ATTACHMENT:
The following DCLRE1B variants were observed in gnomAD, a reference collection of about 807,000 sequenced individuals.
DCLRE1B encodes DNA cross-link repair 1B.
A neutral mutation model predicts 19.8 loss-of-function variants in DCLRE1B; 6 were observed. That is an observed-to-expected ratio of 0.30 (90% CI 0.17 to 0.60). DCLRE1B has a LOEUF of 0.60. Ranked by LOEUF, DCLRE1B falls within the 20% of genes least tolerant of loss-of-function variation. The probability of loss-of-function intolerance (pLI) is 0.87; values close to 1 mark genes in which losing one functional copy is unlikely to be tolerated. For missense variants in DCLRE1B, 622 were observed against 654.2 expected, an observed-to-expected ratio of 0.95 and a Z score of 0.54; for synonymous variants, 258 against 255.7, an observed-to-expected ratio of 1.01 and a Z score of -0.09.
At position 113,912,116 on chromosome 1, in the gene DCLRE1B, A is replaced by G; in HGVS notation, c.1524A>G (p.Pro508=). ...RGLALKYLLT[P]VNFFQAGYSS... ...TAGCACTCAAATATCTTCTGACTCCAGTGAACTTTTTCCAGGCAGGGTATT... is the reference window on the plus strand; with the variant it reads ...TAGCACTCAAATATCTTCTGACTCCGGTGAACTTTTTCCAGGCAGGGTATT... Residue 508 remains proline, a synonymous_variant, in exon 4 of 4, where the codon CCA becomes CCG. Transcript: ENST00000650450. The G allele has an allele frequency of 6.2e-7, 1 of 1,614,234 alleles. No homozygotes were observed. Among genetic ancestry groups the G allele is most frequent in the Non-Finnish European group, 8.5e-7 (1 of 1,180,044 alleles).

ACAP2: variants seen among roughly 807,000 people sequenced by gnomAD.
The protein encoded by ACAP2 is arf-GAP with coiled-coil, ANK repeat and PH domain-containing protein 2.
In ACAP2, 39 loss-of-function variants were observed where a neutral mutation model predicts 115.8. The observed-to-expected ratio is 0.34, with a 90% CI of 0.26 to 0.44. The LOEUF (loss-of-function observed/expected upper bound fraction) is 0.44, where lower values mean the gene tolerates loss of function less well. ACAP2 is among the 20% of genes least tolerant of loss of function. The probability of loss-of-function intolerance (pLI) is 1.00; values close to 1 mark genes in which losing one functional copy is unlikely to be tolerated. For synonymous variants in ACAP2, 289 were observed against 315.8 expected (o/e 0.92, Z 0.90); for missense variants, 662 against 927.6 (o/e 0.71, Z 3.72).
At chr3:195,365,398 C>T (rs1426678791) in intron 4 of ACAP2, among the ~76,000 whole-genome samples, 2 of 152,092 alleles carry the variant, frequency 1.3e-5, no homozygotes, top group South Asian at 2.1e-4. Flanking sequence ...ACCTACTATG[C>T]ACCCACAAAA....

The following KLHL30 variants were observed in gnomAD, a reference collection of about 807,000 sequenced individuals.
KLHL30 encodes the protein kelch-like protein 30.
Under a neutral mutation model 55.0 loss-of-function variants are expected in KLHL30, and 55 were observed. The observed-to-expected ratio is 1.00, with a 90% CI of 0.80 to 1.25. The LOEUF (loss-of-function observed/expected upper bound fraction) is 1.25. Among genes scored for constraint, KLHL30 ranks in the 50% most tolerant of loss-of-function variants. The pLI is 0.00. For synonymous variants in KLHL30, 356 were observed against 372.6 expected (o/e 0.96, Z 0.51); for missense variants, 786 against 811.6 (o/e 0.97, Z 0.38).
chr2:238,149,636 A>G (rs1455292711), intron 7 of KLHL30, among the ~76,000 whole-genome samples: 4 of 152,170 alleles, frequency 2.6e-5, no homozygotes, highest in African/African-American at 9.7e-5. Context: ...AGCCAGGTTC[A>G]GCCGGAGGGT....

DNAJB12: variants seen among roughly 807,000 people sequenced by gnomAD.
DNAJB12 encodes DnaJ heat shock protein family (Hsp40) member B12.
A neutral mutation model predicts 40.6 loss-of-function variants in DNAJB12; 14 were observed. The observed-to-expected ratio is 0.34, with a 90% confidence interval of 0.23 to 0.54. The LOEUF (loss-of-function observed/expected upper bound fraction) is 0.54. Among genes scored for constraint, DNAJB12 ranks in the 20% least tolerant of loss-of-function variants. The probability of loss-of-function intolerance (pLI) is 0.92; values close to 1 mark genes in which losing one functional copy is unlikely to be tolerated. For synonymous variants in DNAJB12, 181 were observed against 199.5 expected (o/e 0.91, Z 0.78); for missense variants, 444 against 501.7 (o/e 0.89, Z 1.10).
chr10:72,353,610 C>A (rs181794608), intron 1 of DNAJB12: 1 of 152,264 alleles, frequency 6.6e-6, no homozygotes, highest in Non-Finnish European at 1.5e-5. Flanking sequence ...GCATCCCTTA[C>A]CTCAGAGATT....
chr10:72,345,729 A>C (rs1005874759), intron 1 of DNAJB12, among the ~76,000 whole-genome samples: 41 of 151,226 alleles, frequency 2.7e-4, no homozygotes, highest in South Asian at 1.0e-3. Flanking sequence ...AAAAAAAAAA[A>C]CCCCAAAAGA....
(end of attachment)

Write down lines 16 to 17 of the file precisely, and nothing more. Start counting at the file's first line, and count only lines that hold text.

chr10:72,353,610 C>A (rs181794608), intron 1 of DNAJB12: 1 of 152,264 alleles, frequency 6.6e-6, no homozygotes, highest in Non-Finnish European at 1.5e-5. Flanking sequence ...GCATCCCTTA[C>A]CTCAGAGATT....
chr10:72,345,729 A>C (rs1005874759), intron 1 of DNAJB12, among the ~76,000 whole-genome samples: 41 of 151,226 alleles, frequency 2.7e-4, no homozygotes, highest in South Asian at 1.0e-3. Flanking sequence ...AAAAAAAAAA[A>C]CCCCAAAAGA....